He did not have to do it.
Rhys Hoskins could have put on his Patagonia trucker cap and golf shorts, fled the Phillies' clubhouse, got behind the wheel, turned on the radio and made his confrontation with a Phillies fan out of his head.
That would have left his teammates and manager to explain his unacceptable actions. That would have allowed sports talk shows in the region and across the country to fill up food for at least 24 hours.
Hoskins did not run away. He stayed. After his worst moment in his brief career as Philli, Hoskins stayed in the clubhouse to face a phalanx of reporters and explain why he had a fierce exchange with a patron sitting in the sixth inning over the Phillies' dugout. 1
Then he made another one.
Hoskins heard a heckler and he fired back to the shelter. Then, after taking off his helmet, he stepped out of the shelter to make that suggestion to the fan, if our lip-reading was right: "Go home."
[Rh59] Rhys Hoskins alleged fan incident in the 6th after he did not run immediately after a fallen 3rd strike … pic.twitter.com/a9SNzHhfd5
– Marc Farzetta (@MarcFarzetta) June 26, 2018
It was stubborn, and immature and unprofessional – the sort of reaction one would expect from a frustrated player playing his 117th major league game.
But Hoskins behaves like a player who has played 1,117 major league games. Monday night's forbearance was under him. He knew it. So he showered, got ready to leave, waited for the arrival of the press and turned to him:
"I realize what happened, obviously," he said. "Somebody said something on the bleachers that obviously triggered me, I was pretty frustrated with the at-bat I just had and added the flaw, I'm caught in that moment, should not happen, can not happen. But it did. "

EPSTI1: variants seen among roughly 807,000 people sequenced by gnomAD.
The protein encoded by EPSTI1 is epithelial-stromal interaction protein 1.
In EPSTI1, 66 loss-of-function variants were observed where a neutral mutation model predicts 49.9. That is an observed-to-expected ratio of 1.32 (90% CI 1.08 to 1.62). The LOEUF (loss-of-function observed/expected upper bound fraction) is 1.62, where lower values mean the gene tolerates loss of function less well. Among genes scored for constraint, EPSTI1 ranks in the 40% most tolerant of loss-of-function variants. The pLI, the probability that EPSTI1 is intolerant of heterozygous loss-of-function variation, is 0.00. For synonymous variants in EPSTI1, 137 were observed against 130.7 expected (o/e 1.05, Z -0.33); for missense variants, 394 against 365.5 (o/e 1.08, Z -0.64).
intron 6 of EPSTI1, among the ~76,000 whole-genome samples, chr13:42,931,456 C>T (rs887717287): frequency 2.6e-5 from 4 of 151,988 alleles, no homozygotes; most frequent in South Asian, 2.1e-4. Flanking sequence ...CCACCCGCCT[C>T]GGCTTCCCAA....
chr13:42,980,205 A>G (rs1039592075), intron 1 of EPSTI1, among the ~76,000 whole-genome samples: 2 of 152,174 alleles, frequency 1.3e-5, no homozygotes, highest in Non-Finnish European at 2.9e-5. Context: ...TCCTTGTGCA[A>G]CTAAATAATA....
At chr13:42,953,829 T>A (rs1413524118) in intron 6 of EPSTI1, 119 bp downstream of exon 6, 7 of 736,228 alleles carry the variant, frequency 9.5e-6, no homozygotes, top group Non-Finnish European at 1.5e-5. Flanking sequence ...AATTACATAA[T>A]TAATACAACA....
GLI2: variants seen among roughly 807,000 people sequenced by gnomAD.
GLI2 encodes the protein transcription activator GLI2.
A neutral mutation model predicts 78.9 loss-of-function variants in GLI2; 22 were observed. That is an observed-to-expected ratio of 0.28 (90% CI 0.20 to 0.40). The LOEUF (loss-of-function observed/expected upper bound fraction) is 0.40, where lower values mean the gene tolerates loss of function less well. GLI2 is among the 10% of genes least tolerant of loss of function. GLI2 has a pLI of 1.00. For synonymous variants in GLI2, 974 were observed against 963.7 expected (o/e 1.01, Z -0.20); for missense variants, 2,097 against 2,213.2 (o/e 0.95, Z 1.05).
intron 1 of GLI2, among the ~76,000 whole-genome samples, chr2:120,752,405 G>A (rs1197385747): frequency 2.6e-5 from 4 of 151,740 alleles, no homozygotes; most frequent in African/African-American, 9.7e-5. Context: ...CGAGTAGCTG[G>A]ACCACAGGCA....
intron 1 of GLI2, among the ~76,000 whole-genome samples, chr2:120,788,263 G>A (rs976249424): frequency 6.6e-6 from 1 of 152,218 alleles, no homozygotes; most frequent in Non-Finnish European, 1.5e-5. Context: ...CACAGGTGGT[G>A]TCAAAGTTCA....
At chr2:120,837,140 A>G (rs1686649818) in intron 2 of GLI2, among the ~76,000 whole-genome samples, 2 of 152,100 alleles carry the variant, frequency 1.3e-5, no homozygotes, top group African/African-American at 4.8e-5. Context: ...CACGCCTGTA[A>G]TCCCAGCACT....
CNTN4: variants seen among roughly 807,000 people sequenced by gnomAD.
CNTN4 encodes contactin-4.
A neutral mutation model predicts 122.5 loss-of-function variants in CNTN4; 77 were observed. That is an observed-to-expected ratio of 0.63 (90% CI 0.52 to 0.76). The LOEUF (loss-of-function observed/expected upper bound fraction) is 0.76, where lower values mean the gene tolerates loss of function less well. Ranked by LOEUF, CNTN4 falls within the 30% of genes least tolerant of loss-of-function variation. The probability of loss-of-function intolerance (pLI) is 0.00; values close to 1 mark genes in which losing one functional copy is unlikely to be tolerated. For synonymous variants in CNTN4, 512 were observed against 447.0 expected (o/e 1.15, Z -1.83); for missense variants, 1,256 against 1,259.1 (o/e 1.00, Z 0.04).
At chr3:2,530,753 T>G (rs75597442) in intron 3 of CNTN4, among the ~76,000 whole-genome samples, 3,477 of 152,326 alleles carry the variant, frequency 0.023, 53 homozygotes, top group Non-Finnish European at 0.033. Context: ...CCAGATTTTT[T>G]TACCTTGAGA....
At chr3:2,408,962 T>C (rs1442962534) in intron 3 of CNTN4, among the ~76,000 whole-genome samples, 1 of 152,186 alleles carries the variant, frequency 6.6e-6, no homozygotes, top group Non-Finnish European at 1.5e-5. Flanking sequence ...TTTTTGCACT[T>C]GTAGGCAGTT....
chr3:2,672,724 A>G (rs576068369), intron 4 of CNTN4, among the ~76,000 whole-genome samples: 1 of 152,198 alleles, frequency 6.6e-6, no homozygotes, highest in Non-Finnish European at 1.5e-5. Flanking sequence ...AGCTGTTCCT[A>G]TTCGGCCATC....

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His manager, Gabe Kapler, played in the era where players play less and less responsible for their actions, especially when their actions were inappropriate. Kapler also played among players who would never shirk their responsibility to explain their performances, no matter how awkward they may be.
These players are called leaders.
"I think it's very representative of who I came to know Rhys as," said Kapler. "Only a total professional, understanding what people need of him, understanding that he must be responsible for his actions, and ready to lead tough conversations head-on."
"He is a very capable leader for this club."
Shortstop freddy Galvis' offseason trading left a vacancy in the executive section, with Hoskins playing just 50 games last season, but behaving as if he's a big leaguer forever.  Also, veterans hesitate to
Hoskins would not tell what the fan said, he said he could not remember what the fan said or what he said or even what the fan looked like. "I wish I could," he said. It obviously embarrassed him that he had not checked to see if the ball had passed the catcher, and misinterpreted a question about this facet of the incident as an accusation that he was not running I purposely:  "I do not want to run on purpose," he said. "I do not think that's my kind of player."
The type of player he is waiting for an additional 15 minutes in front of his locker to face the music.
It was unclear whether Kapler or any other representative of the Phillies suggested to Hoskins that he should stay and deal with the subject, but Kapler and Hoskins discussed it.
"Rhys always says and does the right thing," said Kapler, neglecting the word ] almost . "He's imperfect, he gets frustrated like everyone else, we talked about it, it's over."
Thanks to his openness, it's now behind us all.
"I think it's a necessary thing," said Hoskins. He knew the camera would betray his Tiff. "Today's world, I know everything gets trapped, I just assumed it was, I was wrong, it's right to deal with it and continue from there."
Hoskins had in his previous At Bats searched in the fourth inning, and he discussed the call with panel referee Joe West, but Hoskins insisted that West's third was named The strike had no effect on his loss of serenity two days later.
That was hard to believe; but after taking the heat for the kerfuffle with the fan, it was completely believable. >> READ MORE: Yankees in the city? Who cares? Marcus Hayes
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